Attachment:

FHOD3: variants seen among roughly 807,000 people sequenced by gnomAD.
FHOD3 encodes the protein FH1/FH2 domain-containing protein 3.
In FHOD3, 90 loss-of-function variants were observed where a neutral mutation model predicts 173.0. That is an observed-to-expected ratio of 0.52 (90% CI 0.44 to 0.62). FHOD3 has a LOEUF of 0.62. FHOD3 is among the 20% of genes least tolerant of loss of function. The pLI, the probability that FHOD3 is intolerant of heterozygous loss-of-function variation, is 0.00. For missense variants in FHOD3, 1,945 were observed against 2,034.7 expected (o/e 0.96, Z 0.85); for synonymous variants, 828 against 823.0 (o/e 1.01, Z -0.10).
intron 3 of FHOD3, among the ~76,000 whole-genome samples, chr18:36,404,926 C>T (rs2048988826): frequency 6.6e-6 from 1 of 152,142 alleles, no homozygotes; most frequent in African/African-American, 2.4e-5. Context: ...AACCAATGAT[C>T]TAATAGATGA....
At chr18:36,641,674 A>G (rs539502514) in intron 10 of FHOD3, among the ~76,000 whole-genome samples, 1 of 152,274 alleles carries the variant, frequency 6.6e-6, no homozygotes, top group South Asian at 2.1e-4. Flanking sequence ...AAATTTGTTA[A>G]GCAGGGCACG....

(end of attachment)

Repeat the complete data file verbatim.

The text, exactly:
FHOD3: variants seen among roughly 807,000 people sequenced by gnomAD.
FHOD3 encodes the protein FH1/FH2 domain-containing protein 3.
In FHOD3, 90 loss-of-function variants were observed where a neutral mutation model predicts 173.0. That is an observed-to-expected ratio of 0.52 (90% CI 0.44 to 0.62). FHOD3 has a LOEUF of 0.62. FHOD3 is among the 20% of genes least tolerant of loss of function. The pLI, the probability that FHOD3 is intolerant of heterozygous loss-of-function variation, is 0.00. For missense variants in FHOD3, 1,945 were observed against 2,034.7 expected (o/e 0.96, Z 0.85); for synonymous variants, 828 against 823.0 (o/e 1.01, Z -0.10).
intron 3 of FHOD3, among the ~76,000 whole-genome samples, chr18:36,404,926 C>T (rs2048988826): frequency 6.6e-6 from 1 of 152,142 alleles, no homozygotes; most frequent in African/African-American, 2.4e-5. Context: ...AACCAATGAT[C>T]TAATAGATGA....
At chr18:36,641,674 A>G (rs539502514) in intron 10 of FHOD3, among the ~76,000 whole-genome samples, 1 of 152,274 alleles carries the variant, frequency 6.6e-6, no homozygotes, top group South Asian at 2.1e-4. Flanking sequence ...AAATTTGTTA[A>G]GCAGGGCACG....